William K. Lindsay to Abraham Lincoln, 21 February 18491
Hon A LincolnDr[Dear] Sir
I had intended untill to day to see Old Zack inaugerated— with however a more Selfish purpose in view that of trying to obtain the office of marshall I have been Shown a day or two since your Letter to R Yates And I have Concluded from its tenor that I would be running some risk of Spending time and money in vain.2 Consequently I drop you this Epistle By way of Explanation of the Course I have pursued. After having Obtained all of our men here I went to Springfield Just before the Legislature met and and found a Cordial cooperation with our Friends there and Supposed that all was right But Since that time and after the Legislature did meet Col Baker took it in his head that no one else had any Claim to the office Except Francis Arens and that it would be a great Stroke of Generalship to appoint a foreigner to the office as it would Likely secure the German vote hereafter to the whigs waiving the improbabilities of such humbuggery I was vexed not a Little at this unprincipled project of discarding every American ^Claim^ for an
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for an American office that might be set up It does not become me to say any thing of Arens. but I venture to predict that this master stroke of ned will prove in the end a running sore to me ^him^ I now for one tell him that it Dont suit the Kink of blood that runs in my veins. I also Learned from some quarter that you were pledged to Bond which Left me apparently without any Show in the fight as I thought in washington. But I concluded as I had put myself to some trouble to obtain my papers I would at Least have them Laid before the department. Consequently I sent them to Col McClernand with a request that he would have them Laid there. I am now however satisfied that I ought to have sent them to you and I am sorry that I did not do so, but hope this explanation will satisfy you on the subject Lincoln I have been a wheelhorse of the party here for the Last 17 years I have not asked any thing in return untill now and I Should not now Do so ^now^ But from the shattered Situation of my Constitution, And the Idea of Being unceramoniously kicked out of the way By men for whom and with whom I have so Long labored Does not set well upon a Kentucks Stomach. I will thank you twice if you will inform the Department of the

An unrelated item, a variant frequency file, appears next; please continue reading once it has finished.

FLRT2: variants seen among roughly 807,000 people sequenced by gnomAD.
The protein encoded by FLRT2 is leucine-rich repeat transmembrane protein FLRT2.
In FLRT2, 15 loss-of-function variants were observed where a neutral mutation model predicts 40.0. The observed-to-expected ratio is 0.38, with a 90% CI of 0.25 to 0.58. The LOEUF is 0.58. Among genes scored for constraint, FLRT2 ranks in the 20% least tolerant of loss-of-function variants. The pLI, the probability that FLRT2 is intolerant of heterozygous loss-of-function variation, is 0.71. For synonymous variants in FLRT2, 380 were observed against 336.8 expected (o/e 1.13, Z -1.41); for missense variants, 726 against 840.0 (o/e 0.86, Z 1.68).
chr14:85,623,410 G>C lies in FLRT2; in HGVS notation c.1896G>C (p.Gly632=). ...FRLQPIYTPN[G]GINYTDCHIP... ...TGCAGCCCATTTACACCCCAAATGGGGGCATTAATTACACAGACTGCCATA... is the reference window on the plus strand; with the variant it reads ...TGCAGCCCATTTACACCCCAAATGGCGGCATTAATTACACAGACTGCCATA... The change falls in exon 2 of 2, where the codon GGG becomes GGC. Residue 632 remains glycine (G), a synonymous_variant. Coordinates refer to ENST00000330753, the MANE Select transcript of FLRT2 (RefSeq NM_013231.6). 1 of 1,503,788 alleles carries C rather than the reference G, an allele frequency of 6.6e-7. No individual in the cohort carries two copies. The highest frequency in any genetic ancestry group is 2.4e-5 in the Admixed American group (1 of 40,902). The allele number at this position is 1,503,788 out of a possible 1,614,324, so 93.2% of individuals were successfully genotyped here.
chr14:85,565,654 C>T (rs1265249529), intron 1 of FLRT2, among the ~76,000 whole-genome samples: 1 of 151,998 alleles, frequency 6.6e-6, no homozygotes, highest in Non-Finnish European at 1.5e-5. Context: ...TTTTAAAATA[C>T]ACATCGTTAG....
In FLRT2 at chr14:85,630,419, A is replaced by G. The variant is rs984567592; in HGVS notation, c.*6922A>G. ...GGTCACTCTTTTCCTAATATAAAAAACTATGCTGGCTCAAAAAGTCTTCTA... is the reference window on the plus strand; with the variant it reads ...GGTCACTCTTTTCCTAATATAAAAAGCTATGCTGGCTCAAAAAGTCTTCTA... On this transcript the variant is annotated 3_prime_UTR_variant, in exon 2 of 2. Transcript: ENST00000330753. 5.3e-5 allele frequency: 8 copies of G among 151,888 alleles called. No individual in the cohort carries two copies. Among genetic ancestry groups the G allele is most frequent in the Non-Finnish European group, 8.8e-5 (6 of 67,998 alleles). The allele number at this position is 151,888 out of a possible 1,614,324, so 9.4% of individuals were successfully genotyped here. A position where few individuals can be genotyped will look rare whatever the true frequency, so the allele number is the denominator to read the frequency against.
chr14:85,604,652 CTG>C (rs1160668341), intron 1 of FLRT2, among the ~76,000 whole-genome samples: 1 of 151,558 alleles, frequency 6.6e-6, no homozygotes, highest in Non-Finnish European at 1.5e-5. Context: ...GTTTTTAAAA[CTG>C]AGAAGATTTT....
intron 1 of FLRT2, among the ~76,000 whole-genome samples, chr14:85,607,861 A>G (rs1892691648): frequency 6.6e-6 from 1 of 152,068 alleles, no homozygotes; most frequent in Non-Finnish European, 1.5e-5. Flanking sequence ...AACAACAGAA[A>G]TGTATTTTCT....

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Character of my petitioners I believe you know them all. I cannot ask you to use any particular Influence in my Behalf for that office as there are some honerable men I Believe also applicants But I request you to see that I have a fair Shake which I fear I will not have if ned is not watched. I Shall convince ned in the next two years that one American can whip five mexicans in a regular pitched Battle, Judge Thomas has written to Underwood on the Subject Brown to Morehead Henry to Corwin and I hope you will See that I am fairly represented, not much news here, Dick is badly Seared not without cause about some of his votes. he has his head and heart set on a seat in Congress and he is quite Sensitive about small matters I think it will pass off without much harm, Wishing you health and prosperity
I Remain very resp.[respectively] yoursWm K. Lindsay3
1Lindsay wrote this letter in its entirety.
2Lincoln’s letter to Yates has not been located.
3Neither Arens nor Lindsay received the appointment; President Zachary Taylor appointed Benjamin Bond U.S. marshal for Illinois, and he held the job until 1853.
Register of all Officers and Agents, Civil, Military, and Naval, in the Service of the United States, on the Thirtieth September, 1849 (Washington, DC: Gideon, 1849), 247; Register of all Officers and Agents, Civil, Military, and Naval, in the Service of the United States, on the Thirtieth September, 1851 (Washington, DC: Gideon, 1851), 267; Register of Officers and Agents, Civil, Military, and Naval, in the Service of the United States, on the Thirtieth September, 1853 (Washington, DC: Robert Armstrong), 259.

Autograph Letter Signed, 3 page(s), Abraham Lincoln Papers, Library of Congress (Washington, DC),